Happy Sunday, my friends! What a joy it is to share another debut author with you today. As I’ve said before, debut authors are among a favorite of mine because I love the joy of discovery of finding someone new to add to my favorites. Today Sejal Badani is joining me for a virtual coffee to share more about her beautiful book, Trail of Broken Wings. I discovered this book through her GoodReads Choice Award Nomination for Best Fiction and dove into it over our holiday break. After reading more on Sejal’s backstory, I just knew she would be such an incredible author to feature here for our interview series.
In Trail of Broken Wings, domestic abuse is fully brought to light in this account of one family and the man who abused them. As he lays in a coma, each of the sisters and the wife replay the events that happened through their traumatic years and the reader uncovers the dark secrets that they each have carried.
This one delved a lot into the Indian culture and the traditional roles of women in their culture, many of which I was not aware of! It would make for a compelling book club discussion and did not shy away from some of the demons people battle when they have been abused.
The book had a great twist at the end that really added some depth to one of the character’s storylines. Raw and honest, it would be impossible to read and not feel a new awareness and sadness for those abused.
Editor’s Note: At this time as I write this, the Kindle version is listed for a mere $2.00!
I included this book in our November/December Must-Reads list!
Now grab your coffee and let’s settle in with Sejal about her incredible debut novel!
I have read in past interviews that you have said that you felt compelled to write Trail of Broken Wings after witnessing and surviving your own childhood abuse. What was that process like writing this story and how hard was it to put such a deeply personal journey out in the world?
This story was one I searched for as a young adult and never found. I mentioned it to my good friend and editor Benee who really got behind the story. The characters’ individual stories were challenging to tell but important. They were three very strong women who had to discover themselves outside the framework of their childhood. Though the events in the story are fictional, the emotions and struggles of the characters felt very familiar to me either because of my research or own experience. When the story was finished, I was relieved but also really pleased that the characters’ stories were honest and inspiring.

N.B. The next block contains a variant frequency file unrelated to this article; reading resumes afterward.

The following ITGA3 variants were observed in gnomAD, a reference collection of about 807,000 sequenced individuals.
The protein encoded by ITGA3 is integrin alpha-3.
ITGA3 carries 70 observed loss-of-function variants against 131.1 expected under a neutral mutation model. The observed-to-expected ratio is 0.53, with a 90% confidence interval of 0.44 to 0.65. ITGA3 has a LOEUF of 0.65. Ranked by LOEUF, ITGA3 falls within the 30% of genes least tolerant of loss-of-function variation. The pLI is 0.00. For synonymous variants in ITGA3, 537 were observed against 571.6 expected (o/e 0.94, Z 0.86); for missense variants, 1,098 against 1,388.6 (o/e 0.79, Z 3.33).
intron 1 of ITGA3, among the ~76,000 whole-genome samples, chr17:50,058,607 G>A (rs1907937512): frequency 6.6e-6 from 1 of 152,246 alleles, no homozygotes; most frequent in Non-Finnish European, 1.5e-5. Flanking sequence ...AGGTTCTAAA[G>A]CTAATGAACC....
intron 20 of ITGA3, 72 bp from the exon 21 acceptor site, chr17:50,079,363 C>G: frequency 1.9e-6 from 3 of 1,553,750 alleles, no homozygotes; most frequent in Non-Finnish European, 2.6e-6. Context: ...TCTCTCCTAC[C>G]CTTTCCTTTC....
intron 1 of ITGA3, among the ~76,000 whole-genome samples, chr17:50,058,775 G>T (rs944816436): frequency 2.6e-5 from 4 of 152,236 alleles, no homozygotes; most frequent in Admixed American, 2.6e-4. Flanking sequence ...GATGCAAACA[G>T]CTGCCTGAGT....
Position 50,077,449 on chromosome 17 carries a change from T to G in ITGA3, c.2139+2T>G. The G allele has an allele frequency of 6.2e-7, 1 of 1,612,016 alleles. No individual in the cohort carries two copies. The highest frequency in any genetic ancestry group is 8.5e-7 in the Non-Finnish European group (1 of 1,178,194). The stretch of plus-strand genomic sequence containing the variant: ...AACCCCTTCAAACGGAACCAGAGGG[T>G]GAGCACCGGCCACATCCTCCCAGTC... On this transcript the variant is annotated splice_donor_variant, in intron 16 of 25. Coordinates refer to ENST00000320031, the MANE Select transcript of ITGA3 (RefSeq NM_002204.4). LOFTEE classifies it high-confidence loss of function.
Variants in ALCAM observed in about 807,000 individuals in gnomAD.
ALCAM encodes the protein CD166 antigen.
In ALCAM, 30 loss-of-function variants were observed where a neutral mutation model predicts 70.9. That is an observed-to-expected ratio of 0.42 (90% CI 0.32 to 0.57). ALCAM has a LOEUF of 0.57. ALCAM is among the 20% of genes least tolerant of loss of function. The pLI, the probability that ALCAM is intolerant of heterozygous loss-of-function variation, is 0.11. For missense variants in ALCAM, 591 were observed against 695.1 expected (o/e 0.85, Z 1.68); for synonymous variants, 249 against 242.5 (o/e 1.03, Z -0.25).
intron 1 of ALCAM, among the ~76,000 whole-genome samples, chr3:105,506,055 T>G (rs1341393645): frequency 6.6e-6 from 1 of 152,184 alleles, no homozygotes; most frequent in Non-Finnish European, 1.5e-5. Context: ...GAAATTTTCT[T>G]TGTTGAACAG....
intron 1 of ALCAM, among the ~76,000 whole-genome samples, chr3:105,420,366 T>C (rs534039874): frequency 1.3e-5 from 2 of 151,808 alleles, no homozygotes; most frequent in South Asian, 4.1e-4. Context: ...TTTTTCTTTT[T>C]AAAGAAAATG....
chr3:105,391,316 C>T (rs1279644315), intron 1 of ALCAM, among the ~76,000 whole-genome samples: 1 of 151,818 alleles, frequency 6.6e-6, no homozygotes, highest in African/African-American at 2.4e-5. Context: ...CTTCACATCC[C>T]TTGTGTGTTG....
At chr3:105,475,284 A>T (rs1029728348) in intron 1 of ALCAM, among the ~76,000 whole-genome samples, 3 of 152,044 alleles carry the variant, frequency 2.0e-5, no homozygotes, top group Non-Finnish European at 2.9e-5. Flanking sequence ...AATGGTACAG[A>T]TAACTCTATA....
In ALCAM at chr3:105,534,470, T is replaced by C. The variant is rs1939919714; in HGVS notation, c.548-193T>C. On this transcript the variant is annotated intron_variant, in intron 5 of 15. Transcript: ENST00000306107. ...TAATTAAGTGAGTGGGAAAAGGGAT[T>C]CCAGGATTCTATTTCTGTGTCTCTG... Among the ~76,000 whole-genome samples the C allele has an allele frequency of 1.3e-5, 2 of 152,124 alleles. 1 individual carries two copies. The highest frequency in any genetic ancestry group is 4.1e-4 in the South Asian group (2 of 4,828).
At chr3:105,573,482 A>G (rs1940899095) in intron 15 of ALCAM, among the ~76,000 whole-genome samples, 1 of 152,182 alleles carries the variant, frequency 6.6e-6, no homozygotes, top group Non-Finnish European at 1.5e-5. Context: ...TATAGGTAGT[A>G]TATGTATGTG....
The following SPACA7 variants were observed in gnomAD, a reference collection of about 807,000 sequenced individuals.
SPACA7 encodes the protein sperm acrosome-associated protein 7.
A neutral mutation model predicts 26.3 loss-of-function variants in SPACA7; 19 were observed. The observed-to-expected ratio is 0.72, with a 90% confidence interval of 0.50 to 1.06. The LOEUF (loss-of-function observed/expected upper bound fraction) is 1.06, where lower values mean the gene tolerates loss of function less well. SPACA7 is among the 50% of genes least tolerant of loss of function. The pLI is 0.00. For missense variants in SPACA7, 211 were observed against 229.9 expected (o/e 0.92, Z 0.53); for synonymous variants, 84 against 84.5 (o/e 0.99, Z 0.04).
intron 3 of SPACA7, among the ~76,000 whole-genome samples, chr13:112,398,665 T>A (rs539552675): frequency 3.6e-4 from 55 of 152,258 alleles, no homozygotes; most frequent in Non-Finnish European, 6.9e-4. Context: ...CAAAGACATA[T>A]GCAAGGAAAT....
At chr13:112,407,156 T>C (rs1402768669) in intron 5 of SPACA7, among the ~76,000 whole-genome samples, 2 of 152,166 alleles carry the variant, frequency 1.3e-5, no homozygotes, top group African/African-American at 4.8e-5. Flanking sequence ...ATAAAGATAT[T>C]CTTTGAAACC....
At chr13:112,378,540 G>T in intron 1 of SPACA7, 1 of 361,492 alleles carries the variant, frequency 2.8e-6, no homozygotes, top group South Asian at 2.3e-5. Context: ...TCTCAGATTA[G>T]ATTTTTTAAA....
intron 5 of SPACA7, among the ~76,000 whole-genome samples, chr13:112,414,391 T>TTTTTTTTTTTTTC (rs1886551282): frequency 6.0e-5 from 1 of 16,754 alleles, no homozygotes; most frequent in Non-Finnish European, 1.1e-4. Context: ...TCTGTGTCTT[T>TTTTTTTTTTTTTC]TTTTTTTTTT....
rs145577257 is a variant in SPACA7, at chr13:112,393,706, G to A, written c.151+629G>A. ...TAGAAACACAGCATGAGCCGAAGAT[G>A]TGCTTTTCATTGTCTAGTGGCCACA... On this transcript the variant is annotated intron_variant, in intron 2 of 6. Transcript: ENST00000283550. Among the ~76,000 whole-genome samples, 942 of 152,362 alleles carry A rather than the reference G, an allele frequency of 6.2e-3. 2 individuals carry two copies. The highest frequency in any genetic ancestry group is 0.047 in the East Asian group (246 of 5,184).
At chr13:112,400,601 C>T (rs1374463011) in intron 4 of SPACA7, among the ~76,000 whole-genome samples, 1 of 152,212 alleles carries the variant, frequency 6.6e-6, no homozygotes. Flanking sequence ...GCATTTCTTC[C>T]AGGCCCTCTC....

I’d love to quote a passage from your story… “Everyone must a reach a point in their life when they stop running. When it is easier to stand still than to keep being chased, even if the person chasing you is only in your head.” At what point did you stop running and change the story of your own life?
Though my mom didn’t have a lot of choices when we were growing up, she made it make very clear to us that we should carve out a very different path for our future. Because of her, my sisters and I were very fortunate to believe in ourselves and love. Law school was pivotal in my life because it gave me a better understanding of options available to people in similar situations. Later, in my research for the book, I learned about so many incredible individuals who had to make the decision to stop running. The journeys they took are truly inspiring. This quote is really a testament to their strength and perseverance.
The issues that each of the daughters struggle with in the aftershock of abuse were all written in such a raw and beautiful way, unflinching from many things that most books shy away from. Have you heard from any of your readers who may have suffered these same traumatic moments and how much they could relate to this family’s story and the raw honesty that you wrote it?